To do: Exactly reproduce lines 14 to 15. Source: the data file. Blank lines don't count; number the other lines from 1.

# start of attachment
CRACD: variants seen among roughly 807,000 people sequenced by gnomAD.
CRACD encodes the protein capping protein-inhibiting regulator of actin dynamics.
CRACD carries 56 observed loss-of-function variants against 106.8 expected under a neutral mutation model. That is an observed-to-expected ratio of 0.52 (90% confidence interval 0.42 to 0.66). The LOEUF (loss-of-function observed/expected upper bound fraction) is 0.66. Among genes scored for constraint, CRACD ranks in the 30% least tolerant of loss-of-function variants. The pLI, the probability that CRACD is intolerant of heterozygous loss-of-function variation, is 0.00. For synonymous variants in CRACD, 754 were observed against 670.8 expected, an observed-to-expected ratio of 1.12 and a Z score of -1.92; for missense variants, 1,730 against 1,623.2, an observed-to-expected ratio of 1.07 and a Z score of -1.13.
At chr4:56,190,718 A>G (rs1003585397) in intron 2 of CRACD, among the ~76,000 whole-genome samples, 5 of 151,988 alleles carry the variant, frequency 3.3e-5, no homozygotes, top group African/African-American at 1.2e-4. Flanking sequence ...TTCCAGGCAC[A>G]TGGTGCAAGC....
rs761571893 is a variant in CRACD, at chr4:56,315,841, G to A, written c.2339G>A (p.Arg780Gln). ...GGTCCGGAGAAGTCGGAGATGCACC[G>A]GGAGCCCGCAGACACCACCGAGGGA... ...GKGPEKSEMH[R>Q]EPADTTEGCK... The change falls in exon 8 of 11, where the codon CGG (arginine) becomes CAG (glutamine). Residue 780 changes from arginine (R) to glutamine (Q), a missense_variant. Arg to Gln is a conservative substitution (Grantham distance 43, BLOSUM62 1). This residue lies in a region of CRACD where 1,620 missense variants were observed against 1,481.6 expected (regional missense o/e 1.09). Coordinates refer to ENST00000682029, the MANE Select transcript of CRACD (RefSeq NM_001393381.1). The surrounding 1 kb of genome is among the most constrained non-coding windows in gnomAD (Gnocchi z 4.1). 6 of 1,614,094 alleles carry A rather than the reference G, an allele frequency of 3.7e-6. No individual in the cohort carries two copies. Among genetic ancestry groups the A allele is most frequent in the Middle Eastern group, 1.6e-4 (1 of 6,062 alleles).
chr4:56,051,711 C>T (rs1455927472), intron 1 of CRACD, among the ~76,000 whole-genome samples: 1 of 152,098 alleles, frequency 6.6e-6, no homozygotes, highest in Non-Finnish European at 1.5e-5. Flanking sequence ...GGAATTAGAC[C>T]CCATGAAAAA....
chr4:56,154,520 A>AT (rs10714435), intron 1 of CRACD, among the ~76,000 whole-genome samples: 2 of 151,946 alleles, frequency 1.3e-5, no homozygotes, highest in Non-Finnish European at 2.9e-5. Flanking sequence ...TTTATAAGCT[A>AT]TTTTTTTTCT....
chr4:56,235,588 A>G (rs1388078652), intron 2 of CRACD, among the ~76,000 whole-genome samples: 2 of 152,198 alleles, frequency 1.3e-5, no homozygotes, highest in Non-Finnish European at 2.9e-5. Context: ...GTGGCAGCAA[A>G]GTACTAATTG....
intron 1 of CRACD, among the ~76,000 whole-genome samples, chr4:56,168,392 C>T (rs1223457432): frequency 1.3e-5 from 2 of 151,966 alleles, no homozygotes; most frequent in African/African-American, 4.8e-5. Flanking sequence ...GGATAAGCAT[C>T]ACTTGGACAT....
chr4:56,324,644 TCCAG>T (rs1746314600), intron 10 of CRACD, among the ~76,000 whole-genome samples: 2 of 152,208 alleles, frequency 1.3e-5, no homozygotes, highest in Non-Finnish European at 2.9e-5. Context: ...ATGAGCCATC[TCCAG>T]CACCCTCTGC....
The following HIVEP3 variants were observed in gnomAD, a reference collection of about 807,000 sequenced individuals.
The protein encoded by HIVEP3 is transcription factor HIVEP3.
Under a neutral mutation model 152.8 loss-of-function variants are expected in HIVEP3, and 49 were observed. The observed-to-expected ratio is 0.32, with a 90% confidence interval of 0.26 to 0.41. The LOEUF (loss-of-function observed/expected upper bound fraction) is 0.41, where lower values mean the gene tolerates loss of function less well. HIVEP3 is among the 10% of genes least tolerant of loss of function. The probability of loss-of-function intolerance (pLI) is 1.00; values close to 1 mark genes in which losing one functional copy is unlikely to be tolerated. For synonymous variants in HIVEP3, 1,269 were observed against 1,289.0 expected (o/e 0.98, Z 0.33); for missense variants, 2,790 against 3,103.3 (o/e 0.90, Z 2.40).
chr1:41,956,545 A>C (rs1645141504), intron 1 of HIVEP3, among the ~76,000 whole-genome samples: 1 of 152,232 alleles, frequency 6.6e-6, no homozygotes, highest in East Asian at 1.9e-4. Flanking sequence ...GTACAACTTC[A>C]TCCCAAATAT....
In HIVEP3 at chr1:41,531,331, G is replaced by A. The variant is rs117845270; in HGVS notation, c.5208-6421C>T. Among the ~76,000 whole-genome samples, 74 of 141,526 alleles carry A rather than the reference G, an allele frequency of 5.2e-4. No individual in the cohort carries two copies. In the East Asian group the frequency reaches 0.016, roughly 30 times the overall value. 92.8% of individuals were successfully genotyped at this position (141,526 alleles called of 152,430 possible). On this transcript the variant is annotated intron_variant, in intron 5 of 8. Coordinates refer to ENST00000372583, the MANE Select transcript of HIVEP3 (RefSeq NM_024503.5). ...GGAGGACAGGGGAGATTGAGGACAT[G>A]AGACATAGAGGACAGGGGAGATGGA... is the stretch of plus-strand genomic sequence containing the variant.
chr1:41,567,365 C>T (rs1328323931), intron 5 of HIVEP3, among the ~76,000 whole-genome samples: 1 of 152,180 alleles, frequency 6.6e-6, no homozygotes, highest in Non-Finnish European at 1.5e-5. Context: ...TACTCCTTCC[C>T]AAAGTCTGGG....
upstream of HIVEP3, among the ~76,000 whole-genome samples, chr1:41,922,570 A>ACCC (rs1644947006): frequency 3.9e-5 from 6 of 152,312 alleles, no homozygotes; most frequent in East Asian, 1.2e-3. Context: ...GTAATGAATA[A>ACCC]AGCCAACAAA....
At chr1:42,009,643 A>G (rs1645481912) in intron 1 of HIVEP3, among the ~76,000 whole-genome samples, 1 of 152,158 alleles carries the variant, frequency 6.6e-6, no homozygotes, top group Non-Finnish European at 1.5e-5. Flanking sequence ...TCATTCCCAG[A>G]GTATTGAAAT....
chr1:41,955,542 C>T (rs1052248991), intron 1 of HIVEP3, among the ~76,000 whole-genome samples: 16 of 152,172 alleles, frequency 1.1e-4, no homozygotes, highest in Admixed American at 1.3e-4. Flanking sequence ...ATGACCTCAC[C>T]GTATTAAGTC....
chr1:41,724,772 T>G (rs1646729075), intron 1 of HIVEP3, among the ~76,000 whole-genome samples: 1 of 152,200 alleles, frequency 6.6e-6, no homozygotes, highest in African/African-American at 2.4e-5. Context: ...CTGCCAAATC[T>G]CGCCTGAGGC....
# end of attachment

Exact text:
chr1:41,956,545 A>C (rs1645141504), intron 1 of HIVEP3, among the ~76,000 whole-genome samples: 1 of 152,232 alleles, frequency 6.6e-6, no homozygotes, highest in East Asian at 1.9e-4. Flanking sequence ...GTACAACTTC[A>C]TCCCAAATAT....
In HIVEP3 at chr1:41,531,331, G is replaced by A. The variant is rs117845270; in HGVS notation, c.5208-6421C>T. Among the ~76,000 whole-genome samples, 74 of 141,526 alleles carry A rather than the reference G, an allele frequency of 5.2e-4. No individual in the cohort carries two copies. In the East Asian group the frequency reaches 0.016, roughly 30 times the overall value. 92.8% of individuals were successfully genotyped at this position (141,526 alleles called of 152,430 possible). On this transcript the variant is annotated intron_variant, in intron 5 of 8. Coordinates refer to ENST00000372583, the MANE Select transcript of HIVEP3 (RefSeq NM_024503.5). ...GGAGGACAGGGGAGATTGAGGACAT[G>A]AGACATAGAGGACAGGGGAGATGGA... is the stretch of plus-strand genomic sequence containing the variant.